Disordered Eating in Athletes

A summary of the ‘Disordered Eating in High-Performance Sport Position Statement’ from the Australian Institute of Sport

What is Disordered Eating?

Disordered eating in athletes sits on a scale between optimised nutrition and an eating disorder (figure below). 

This involves eating behaviours that can vary from what is considered normal, to behaviours resembling eating disorders but to a lesser degree.

Examples of disordered eating behaviours are:

  • Skipping meals
  • Compulsive eating
  • Restrictive eating
  • Compulsive exercise
  • Use of diet pills
  • Bingeing
  • Purging

Individuals can move back and forth along this spectrum throughout different periods of their training cycle, however, there are health and performance implications regardless of where an athlete falls along the spectrum. 

What is the difference between Disordered Eating and an Eating Disorder?

Although an athlete may have disordered eating behaviours, they may not meet all required criteria to be diagnosed with an eating disorder. Athletes are more likely to present with disordered eating, however, risks of an eating disorder increase when disordered eating worsens. 

The main difference between disordered eating and eating disorders lies in the frequency of occurrence. Disordered eating behaviours happen regularly in eating disorders, whereas they occur only occasionally in other instances.

What are the consequences of disordered eating?

One of the health risks associated with disordered eating is the potential development of related energy deficiency in sports, also known as REDs (read more here)

In addition, when starved of energy the brain is particularly vulnerable as it operates at a very high metabolic rate. This can result in overall performance issues due an inability to engage in day-to-day tasks, solve problems or regulate emotions. 

Inappropriate eating practices also increase the risk of illness and injury, which can compromise training capacity, recovery and adaptation as well as impair coordination, concentration, mood, strength and endurance. 

Who is most at risk for disordered eating?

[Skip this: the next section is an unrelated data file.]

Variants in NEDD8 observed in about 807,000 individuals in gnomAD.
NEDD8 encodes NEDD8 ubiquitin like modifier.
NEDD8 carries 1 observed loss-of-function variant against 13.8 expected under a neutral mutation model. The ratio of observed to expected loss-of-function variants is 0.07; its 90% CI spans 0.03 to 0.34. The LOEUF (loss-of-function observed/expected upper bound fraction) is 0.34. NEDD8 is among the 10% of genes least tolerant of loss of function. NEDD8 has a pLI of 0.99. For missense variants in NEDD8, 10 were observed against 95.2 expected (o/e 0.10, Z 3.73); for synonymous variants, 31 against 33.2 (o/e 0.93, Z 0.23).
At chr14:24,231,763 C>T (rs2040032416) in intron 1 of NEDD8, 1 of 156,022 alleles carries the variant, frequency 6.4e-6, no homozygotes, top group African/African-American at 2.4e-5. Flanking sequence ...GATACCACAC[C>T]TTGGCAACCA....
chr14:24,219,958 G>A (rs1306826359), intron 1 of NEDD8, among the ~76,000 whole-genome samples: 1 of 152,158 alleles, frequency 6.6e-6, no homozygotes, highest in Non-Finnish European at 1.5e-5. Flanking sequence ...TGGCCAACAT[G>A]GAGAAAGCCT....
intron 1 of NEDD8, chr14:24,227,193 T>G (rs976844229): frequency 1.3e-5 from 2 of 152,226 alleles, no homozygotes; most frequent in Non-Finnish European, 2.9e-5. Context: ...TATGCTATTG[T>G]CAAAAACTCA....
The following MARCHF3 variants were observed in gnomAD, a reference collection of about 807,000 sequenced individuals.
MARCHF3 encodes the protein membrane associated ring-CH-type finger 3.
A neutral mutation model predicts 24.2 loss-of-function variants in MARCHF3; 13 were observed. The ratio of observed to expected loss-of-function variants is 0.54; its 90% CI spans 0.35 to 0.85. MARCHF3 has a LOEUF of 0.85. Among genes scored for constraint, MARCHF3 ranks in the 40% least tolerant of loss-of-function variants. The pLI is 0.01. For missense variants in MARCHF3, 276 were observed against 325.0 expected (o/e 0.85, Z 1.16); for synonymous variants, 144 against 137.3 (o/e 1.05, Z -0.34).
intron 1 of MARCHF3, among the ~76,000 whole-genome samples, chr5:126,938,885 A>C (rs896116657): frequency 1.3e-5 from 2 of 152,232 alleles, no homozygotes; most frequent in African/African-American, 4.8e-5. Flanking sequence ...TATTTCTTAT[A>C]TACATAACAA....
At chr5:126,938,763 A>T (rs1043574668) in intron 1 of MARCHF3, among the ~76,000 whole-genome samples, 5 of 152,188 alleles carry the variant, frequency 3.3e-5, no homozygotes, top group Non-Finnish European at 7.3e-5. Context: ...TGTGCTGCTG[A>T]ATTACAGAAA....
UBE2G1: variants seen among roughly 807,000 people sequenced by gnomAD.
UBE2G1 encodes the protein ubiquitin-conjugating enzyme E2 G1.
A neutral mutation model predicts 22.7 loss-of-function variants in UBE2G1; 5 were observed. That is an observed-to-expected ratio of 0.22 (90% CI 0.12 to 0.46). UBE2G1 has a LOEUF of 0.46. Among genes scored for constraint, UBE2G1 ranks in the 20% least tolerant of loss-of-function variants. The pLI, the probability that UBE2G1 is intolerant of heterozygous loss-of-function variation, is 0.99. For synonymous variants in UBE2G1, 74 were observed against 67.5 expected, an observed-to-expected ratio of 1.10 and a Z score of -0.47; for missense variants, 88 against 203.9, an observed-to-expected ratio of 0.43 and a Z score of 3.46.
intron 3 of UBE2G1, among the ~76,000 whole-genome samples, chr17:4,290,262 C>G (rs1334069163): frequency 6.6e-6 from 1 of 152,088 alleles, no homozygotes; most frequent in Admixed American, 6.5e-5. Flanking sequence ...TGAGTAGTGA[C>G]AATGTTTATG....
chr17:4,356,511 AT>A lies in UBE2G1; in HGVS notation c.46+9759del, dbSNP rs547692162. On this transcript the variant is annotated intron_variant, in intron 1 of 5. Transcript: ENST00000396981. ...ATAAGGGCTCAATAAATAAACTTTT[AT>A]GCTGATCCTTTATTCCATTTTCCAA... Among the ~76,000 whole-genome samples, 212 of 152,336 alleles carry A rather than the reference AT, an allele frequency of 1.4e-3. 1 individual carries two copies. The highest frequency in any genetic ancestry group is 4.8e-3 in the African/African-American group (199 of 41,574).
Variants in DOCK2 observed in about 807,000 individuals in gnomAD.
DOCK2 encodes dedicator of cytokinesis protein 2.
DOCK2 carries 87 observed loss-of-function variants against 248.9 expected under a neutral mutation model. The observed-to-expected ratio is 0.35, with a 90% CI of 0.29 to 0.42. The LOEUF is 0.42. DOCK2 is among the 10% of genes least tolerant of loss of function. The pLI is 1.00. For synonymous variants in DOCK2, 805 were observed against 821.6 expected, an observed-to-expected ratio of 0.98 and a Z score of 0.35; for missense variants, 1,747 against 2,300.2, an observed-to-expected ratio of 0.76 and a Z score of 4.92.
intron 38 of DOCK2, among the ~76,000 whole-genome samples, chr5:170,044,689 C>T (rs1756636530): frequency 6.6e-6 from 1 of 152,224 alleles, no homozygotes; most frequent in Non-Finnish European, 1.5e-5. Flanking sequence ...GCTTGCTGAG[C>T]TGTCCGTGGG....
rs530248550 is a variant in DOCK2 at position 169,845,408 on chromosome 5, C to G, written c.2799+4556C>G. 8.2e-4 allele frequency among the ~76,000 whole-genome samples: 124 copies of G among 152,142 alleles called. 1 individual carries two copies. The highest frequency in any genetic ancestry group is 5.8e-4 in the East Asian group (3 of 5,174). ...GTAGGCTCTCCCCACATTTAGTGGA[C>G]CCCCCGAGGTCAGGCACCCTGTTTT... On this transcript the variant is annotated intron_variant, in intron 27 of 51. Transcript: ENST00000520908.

Disordered eating can occur in any athlete, in any sport, at any time, with anyone of any gender, age, body size, culture, socio-economic background, athletic calibre and ability.

Sports with an increased risk of eating disorders due to a greater focus on body appearance or composition are:

  • Appearance sports (e.g. gymnastics, synchronised swimming, figure skating, ballet dancing)
  • Low body fat sports (e.g. distance running, triathlon, bodybuilding)
  • Weight category sports (e.g. light-weight rowing, combat sports, jockeys)

Who is involved in the care?

Disordered eating can be a complex issue that requires the involvement of health professionals and sporting staff to help support the athlete. This is called a core multidisciplinary team and includes the doctor, sports dietitian and psychologist who work with the athlete, coach and support staff. 

The goal of intervention is to identify contributors and causes of disordered eating, minimise the risk of developing an eating disorder, and have food behaviours that are more optimum nutrition. 

What is optimum nutrition?

Optimum nutrition is the goal for athletes. It should be safe in that the athlete’s physical and mental health are prioritised. It should be supported in that members of the core multidisciplinary team are providing the optimal practices. It should be purposeful in that performance and health goals are logically connected to proposed strategies. It should be individualised so that the unique requirements of the individual are met. 

These allow both health and performance goals to be met. Characteristics of optimised nutrition include:

  • Physical and mental needs are met via eating practices.
  • Food intake can be changed to meet the demands of the sport. 
  • Flexibility around eating and thoughts about food.
  • Eating socially.
  • Free of restrictive behaviours such as avoidance of whole food groups, or excessive counting of calories or macronutrients.
  • Healthy body image (read more here).

If you are struggling with disordered eating or have an eating disorder it is important that you get help. Please reach out and we can point you in the right direction of where to start.